Over the last few years, mini-grids have played a key role in implementing Nigeria’s energy access and sustainable energy goals. They are now widely acknowledged as an integral component of the country’s energy ecosystem, delivering sustainable and reliable electricity access to nearly 27 thousand households living in areas that, until now, were out of reach of – or unreliably served by – the main grid infrastructure.
In 2016, two significant developments took place in the Nigerian energy sector. First, the Rural Electrification Agency (REA) released the Rural Electrification Strategy and Implementation Plan (RESIP), which acknowledged mini-grids’ role in closing the energy access gap and improving supply. In the same year, the Nigerian Electricity Regulatory Commission (NERC) approved comprehensive mini-grid regulations – NERC Regulation for Mini-grids 2016 (from here onwards referred to as ‘NERC mini-grid regulations’) – covering a broad set of issues, from mini-grid licensing to quality standards and tariff design.
These and related policy and regulatory developments have served as a significant breakthrough, which has firmly established Nigeria as one of the leading mini-grid markets in Africa – an achievement that was celebrated in the first Mini-grid State of the Market report and the recent ESMAP market report.
Energy sector policies, regulations, and governance need to evolve together with the rapidly growing sector. Six years since NERC’s mini-grid regulations and RESIP came into place, and with the Nigeria Electrification Programme (NEP) implementation now well underway and continuously scaling up, it is time to take stock of what has worked so far and what requires further improvement or updating to ensure the bankability of the sector’s regulatory and policy frameworks and their practical implementation.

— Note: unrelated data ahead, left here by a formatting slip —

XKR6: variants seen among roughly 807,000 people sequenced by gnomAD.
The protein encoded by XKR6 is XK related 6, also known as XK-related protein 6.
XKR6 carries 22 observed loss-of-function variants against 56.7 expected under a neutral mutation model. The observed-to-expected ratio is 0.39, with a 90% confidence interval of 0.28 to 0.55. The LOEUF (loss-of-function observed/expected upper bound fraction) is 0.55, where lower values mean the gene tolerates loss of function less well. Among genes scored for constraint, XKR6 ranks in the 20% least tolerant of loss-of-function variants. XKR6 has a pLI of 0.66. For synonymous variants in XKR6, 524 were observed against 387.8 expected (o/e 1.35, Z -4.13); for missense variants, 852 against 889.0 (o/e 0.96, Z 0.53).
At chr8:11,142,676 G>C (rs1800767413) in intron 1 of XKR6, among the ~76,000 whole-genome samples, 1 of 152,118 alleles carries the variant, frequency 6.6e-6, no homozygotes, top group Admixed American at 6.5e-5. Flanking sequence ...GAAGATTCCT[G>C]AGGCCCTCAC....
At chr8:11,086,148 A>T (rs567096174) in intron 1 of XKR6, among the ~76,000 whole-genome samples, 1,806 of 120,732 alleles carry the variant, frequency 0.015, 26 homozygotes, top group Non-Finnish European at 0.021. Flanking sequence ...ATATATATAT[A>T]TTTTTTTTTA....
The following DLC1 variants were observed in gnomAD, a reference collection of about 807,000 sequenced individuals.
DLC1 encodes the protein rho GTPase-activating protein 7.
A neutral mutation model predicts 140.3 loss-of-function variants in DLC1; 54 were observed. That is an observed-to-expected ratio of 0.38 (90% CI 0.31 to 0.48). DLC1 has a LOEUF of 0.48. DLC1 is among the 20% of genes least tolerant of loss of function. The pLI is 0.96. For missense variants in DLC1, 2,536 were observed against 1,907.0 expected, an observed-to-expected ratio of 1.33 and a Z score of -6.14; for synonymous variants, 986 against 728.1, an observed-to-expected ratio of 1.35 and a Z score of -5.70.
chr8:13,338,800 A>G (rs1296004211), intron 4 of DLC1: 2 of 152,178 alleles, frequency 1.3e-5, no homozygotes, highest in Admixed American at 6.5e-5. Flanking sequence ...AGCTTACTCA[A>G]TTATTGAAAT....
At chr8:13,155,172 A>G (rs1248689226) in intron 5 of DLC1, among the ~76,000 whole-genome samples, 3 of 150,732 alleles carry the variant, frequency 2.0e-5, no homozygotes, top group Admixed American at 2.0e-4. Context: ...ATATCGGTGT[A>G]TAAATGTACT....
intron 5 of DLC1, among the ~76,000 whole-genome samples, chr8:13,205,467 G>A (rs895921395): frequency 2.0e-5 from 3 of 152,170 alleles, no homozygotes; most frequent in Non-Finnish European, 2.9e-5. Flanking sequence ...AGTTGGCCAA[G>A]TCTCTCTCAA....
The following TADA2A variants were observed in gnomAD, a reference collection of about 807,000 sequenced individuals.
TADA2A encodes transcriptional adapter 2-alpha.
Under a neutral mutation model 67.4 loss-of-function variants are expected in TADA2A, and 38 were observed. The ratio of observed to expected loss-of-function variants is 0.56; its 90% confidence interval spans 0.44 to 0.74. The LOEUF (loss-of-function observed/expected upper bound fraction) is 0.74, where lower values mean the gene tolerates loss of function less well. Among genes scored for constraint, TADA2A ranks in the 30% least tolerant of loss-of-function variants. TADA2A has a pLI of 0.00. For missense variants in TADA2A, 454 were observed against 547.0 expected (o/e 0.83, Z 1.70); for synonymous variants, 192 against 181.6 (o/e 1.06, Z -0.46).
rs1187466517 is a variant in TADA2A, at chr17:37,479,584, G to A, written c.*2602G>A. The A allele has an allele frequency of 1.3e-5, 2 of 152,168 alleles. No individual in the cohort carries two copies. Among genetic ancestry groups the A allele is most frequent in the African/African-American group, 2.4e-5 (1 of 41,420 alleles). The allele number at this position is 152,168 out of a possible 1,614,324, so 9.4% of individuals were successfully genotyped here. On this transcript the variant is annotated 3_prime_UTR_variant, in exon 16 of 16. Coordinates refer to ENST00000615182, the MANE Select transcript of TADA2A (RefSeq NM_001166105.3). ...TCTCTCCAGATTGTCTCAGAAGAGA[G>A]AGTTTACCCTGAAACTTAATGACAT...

This is critical for the successful and timely implementation of the NEP targets. Following a growth period that has seen the number of installations nearly triple over the past six years and as large-scale sector support programmes become fully operational, the sector is ready to scale up. However, the remaining lack of clarity on several policy and regulatory aspects and their implementation have maintained the pre-existing risk for mini-grid developers and their financiers, raising the cost of capital and holding back the pace of sector growth.
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